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Payment in the construction industry is notoriously slow. This is why most states have enacted prompt payment laws to protect contractors by providing statutory deadlines for payment and interest penalties for late payments. In Ohio has prompt payment laws that govern both private and public projects.

However, on private projects, there is no protection for general contractors — but this could change soon as HB68 passes through the state legislature.

Ohio prompt payment for private projects

Currently, the Ohio Prompt Payment provisions for private construction projects regulate the timing of payments to subcontractors and suppliers. Under these requirements, a subcontractor must be paid within 10 days of the date the general contractor received payment from the owner. This same timeframe applies to all other down-chain payments as well. Any payments made outside this timeframe will accrue interest at a rate of 18% per year.

However, the timing for an owner to pay the general contractor is noticeably absent under these statutes.

Prompt payment reform for general contractors has actually been in the works for quite some time in Ohio. A similar bill was proposed back in 2019 to add GC under the protection of Ohio’s prompt pay laws, but that bill died in committee. Flash forward to 2021, and prompt payment protection for GCs is making its way through the state legislature.

Ohio HB68 would expand prompt payment protection to general contractors

Under this proposed legislation, the timing of payments to general contractors would be added to Ohio Rev. Code §4113.61. These prompt pay laws apply to most private projects, with the exception of single, two, or three-family detached dwellings. So let’s take a look at what this bill could look like if and when the legislation reaches Governor Mike DeWine’s desk.

Bill overview:

Timing of payments to general contractors

If enacted, payments to general contractors on private projects must be made within 30 days. But within 30 days of what? It’ll depend on the type of project.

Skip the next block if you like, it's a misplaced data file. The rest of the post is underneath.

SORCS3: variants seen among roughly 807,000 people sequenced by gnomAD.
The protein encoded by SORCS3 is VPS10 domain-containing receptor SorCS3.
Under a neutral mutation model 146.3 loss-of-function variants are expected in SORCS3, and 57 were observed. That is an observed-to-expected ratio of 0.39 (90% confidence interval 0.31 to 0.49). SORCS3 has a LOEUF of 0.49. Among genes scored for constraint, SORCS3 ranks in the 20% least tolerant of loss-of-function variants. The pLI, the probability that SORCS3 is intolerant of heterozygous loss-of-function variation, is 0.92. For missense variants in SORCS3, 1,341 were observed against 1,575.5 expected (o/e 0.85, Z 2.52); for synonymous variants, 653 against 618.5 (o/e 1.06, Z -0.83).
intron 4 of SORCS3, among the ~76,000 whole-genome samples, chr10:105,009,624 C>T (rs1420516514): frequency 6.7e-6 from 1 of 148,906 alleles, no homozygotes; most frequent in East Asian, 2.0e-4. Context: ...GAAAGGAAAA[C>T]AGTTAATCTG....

For most private projects, the 30-day payment period is triggered by the owner’s receipt of a payment request.

However, if the project requires both (a) approval of plans by a municipal, township, or county building department, or by the Superintendent of Industrial Compliance under ORC §3791, and (b) a seal of compliance by a registered architect or engineer, then the 30-day clock starts to tick from either the date the work is certified by an architect/engineer, or after the owner receives the payment request — whichever is later.

Remedies and penalties for late payment

The rate of interest for late payments to general contractors would be the same as all other late payments on private projects: 18% per year. This interest will begin to accrue on the 31st day after the owner receives a request for payment.

Finally, if payment is more than 30 days late, the general contractor will have the right to file a civil action to recover the amount due, plus interest. And the prevailing party will be entitled to reasonable attorney fees and court costs as well — unless the court determines that the award of attorney fees would be “inequitable.”

Impact of these proposed changes

The passage of this bill would be a huge win for contractors and subcontractors alike. General contractors would have clearly defined deadlines for payment and entitlement to interest penalties.

We reached out to Rep. Bride Rose Sweeney, one of the prime sponsors of the bill, and this is what she had to say:

House Bill 68 is about having a fair and even playing field for hardworking Ohio contractors, many of whom have to wait anywhere from 60-100 days to be paid after completing a construction project. In what other industry can folks delay prompt payment for work completed without consequences? Working people shouldn’t have to dip into personal or even retirement funds just to do their job. This legislation closes a glaring loophole in the state’s payment schedules and brings the ORC in line with a reasonable and widely-accepted 30 day standard. While many project owners do pay promptly, House Bill 68 weeds out bad actors.

As of time of reporting, HB68 has been passed by the Ohio House of Representatives and has been introduced into the Senate. We will monitor the progress of this bill, and let you know of any updates or changes.